The organizers, volunteers and Liz Allen in particular, deserve a load of credit and thanks for pulling off a great race in terrible conditions and making it a complete blast. DAS Beaver CX–I’ll be back!
So, Sterling didn’t happen. It was the best choice for me, I struggled all weekend with a painful sinus infection that left me with a throbbing headache and fatigued. I read stories of the “frozen ruts of death” that plagued the early races. Part of me feels relieved, another part wistful with regret.
Onward. I finally broke down and saw a physician last night. I have meds! Not the fun kind, just antibiotics. I am signed up for the DAS Beaver Cross race scheduled to be held in Dayville, CT on Sunday Dec 15, 2013. Even better, I struck a deal with the race promoter and my coffee is on the prize list! So showing up is mandatory. On the race’s Facebook page, the promoter posted this:
Now it’s only Tuesday, and I live in New England, and a lot can happen between now and Sunday. But I would bet money that some kind of precipitation is going to happen and Sunday’s forecast is predicting a high of 39F. I’ve been bitching all season about not having a real muddy, messy, crazy-weather cyclocross race. Looks like I’ll finally get what I’ve been asking for.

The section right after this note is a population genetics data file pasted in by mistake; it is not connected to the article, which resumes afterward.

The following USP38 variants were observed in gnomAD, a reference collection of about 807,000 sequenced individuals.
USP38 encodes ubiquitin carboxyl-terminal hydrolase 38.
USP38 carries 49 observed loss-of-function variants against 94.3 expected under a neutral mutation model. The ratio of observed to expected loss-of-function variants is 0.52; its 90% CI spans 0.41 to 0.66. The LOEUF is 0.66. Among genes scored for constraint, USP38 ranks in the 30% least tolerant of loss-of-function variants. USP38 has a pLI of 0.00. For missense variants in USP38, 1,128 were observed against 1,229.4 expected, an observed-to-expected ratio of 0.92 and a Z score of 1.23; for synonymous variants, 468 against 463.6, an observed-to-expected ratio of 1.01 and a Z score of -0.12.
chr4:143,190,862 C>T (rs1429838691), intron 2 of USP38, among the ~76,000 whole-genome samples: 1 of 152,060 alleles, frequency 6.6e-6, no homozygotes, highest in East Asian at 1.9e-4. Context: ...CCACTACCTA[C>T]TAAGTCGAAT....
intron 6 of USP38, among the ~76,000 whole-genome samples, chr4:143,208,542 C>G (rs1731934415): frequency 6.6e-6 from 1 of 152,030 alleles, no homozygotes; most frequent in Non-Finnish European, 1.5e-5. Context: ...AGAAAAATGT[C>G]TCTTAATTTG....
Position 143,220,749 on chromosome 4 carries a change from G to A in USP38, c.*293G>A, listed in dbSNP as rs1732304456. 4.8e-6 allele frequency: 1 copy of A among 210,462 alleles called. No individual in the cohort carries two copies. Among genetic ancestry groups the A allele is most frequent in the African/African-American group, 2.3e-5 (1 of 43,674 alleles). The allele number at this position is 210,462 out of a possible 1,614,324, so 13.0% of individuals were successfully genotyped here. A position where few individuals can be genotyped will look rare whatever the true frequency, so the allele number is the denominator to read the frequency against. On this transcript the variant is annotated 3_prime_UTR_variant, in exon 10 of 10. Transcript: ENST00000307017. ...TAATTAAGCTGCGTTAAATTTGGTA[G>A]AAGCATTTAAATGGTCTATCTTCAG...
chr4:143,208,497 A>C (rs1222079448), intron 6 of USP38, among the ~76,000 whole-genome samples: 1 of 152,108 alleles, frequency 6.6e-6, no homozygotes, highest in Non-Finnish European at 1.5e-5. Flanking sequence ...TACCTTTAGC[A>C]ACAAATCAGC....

I had every single intention of racing my bike this Saturday. I have the weekend free, Sterling is actually fairly close by, and I keep hearing the Twitter buzz about a fun course. Additional, my mysterious co-blogger has caught the CX bug (I’ll take full credit for that, thank you very much) and she’s texting me daily, “did you sign up yet? did you sign up yet?” No. And now pre reg is closed.
The reason is a cold. I’ve been fighting something for a while–You might remember I complained of being sick during Northampton’s CSI International CX race weekend, and again at Cheshire, I suffered a coughing fit that lost me places in my race. The germ that has taken up residence in my upper respiratory system has invited friends over to party. I’m trying to kick out the bug but each time I start to think I’ll be just fine, I break out into another coughing fit.